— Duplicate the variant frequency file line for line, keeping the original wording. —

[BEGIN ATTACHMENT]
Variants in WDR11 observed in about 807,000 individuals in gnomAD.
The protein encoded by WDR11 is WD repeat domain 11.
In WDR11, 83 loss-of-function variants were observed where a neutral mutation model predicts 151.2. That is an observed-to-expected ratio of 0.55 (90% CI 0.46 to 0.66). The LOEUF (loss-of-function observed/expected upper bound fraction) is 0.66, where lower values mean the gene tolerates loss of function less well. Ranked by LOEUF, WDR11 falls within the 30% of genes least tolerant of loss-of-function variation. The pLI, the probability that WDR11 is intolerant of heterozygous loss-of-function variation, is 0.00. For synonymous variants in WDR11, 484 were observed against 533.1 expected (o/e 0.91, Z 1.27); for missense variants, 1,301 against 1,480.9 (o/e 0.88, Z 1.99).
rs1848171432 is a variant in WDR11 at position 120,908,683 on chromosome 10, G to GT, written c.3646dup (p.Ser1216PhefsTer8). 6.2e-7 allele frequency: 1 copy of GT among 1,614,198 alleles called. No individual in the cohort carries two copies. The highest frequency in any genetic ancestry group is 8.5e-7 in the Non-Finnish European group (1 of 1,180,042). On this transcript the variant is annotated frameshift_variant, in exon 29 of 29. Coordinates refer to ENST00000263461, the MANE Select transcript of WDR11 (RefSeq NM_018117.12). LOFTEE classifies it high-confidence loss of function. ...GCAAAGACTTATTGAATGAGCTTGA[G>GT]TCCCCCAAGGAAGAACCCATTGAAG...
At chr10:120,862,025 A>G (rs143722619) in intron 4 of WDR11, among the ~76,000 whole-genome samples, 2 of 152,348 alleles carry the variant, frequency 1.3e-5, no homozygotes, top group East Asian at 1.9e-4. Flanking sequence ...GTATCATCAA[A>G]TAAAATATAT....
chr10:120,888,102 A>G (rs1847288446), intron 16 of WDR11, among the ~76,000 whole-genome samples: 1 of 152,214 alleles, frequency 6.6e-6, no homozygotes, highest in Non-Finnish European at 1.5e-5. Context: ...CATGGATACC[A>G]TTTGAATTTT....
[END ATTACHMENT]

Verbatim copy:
Variants in WDR11 observed in about 807,000 individuals in gnomAD.
The protein encoded by WDR11 is WD repeat domain 11.
In WDR11, 83 loss-of-function variants were observed where a neutral mutation model predicts 151.2. That is an observed-to-expected ratio of 0.55 (90% CI 0.46 to 0.66). The LOEUF (loss-of-function observed/expected upper bound fraction) is 0.66, where lower values mean the gene tolerates loss of function less well. Ranked by LOEUF, WDR11 falls within the 30% of genes least tolerant of loss-of-function variation. The pLI, the probability that WDR11 is intolerant of heterozygous loss-of-function variation, is 0.00. For synonymous variants in WDR11, 484 were observed against 533.1 expected (o/e 0.91, Z 1.27); for missense variants, 1,301 against 1,480.9 (o/e 0.88, Z 1.99).
rs1848171432 is a variant in WDR11 at position 120,908,683 on chromosome 10, G to GT, written c.3646dup (p.Ser1216PhefsTer8). 6.2e-7 allele frequency: 1 copy of GT among 1,614,198 alleles called. No individual in the cohort carries two copies. The highest frequency in any genetic ancestry group is 8.5e-7 in the Non-Finnish European group (1 of 1,180,042). On this transcript the variant is annotated frameshift_variant, in exon 29 of 29. Coordinates refer to ENST00000263461, the MANE Select transcript of WDR11 (RefSeq NM_018117.12). LOFTEE classifies it high-confidence loss of function. ...GCAAAGACTTATTGAATGAGCTTGA[G>GT]TCCCCCAAGGAAGAACCCATTGAAG...
At chr10:120,862,025 A>G (rs143722619) in intron 4 of WDR11, among the ~76,000 whole-genome samples, 2 of 152,348 alleles carry the variant, frequency 1.3e-5, no homozygotes, top group East Asian at 1.9e-4. Flanking sequence ...GTATCATCAA[A>G]TAAAATATAT....
chr10:120,888,102 A>G (rs1847288446), intron 16 of WDR11, among the ~76,000 whole-genome samples: 1 of 152,214 alleles, frequency 6.6e-6, no homozygotes, highest in Non-Finnish European at 1.5e-5. Context: ...CATGGATACC[A>G]TTTGAATTTT....